By Roy Ortega
I lay half awake in my trundle bed and contemplate the day ahead of me. The smell of freshly mowed grass fills my room. Outside my window, I hear my father talking to Mr. Proscelle next door. A moment later, the sweet smell of fresh home-made tortillas, chorizo con huevos and frijolitos refritos comes pouring in from the kitchen of our house on Darby Boulevard. From my room, I can hear the soft shuffle of my mother’s slippers as she prepares our morning meal. “Levantensen hijos. Se les hace tarde.“ Wake up, kids. It’s getting late. My little brother gently rubs the sleep out of his eyes. In the next room, I can hear my sisters giggling as they comb each other’s hair.
I open my eyes and look around. The room is suddenly quiet and lonely. A deep sadness envelopes me as I realize I was only dreaming. Dreaming about a life and time that has long passed. I am no longer a teenager and I am no longer at home with my family on Darby Boulevard. It’s 40 years later and I am trying hard to come to grips with the fact we’ve reached another somber milestone in my family’s history. Our family home is being sold today.
Seven years after my mother passed away and more than three years after my father died, the quaint little house on Darby Boulevard where my parents raised six children is no longer a part of our lives. A new family is taking possession of the house our parents bought in 1963, a house that once sheltered and brought comfort, laughter, security and happiness to a generation of children. It was a house where hopes and dreams were born. It was just a house, but I learned that even after my parents died, the old house still brought me immense joy and emotional nourishment. It was a place where I could still visit and reminisce about the many happy times we spent there.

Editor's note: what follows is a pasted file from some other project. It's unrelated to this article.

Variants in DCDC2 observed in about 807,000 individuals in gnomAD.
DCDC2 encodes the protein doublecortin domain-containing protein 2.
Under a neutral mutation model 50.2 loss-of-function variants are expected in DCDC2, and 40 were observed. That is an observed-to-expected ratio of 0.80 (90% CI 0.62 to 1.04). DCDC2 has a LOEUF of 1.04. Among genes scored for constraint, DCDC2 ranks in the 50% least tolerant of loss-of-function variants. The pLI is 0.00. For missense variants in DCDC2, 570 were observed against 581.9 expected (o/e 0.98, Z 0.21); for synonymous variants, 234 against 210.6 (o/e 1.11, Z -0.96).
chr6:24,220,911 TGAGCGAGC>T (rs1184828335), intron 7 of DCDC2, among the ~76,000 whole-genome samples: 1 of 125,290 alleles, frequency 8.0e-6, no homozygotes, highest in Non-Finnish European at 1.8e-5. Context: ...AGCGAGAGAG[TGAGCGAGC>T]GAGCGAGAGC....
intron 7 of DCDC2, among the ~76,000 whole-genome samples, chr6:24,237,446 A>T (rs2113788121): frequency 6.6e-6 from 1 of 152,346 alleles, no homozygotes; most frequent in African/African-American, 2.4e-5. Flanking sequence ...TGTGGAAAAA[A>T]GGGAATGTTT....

Selling our house was one of the most difficult things my siblings and I have ever done. The truth is, for at least two years after my father died, we made only a half-hearted attempt to sell the house. The many happy memories were just too hard to let go.
The cuartito, the small backyard workshop that my father built with his own hands and which served as his special hideaway replete with assorted valuable junk and handyman novelties. The back patio, which served as the scene of countless barbeques and pinata celebrations. Inside, the expanded den that served as the gathering place for the Ortega kids to watch TV, listen to music or just lounge around enjoying each other’s company. And finally, the kitchen where my mother spent her life making sure we were all amply fed and where a comal on the stove worked almost non-stop supplying a family with tortillas served up with a healthy side dish of love and compassion.
As with every story, there is a beginning, a middle and an ending. As this chapter of our family’s history comes to an end, I look back fondly at my old home and shed a tear. But it’s quickly followed by a smile for the many happy memories my family made there - and for the new ones that will be made by a new family starting their lives today at the house on Darby Boulevard.
Roy Ortega may be reached at firstname.lastname@example.org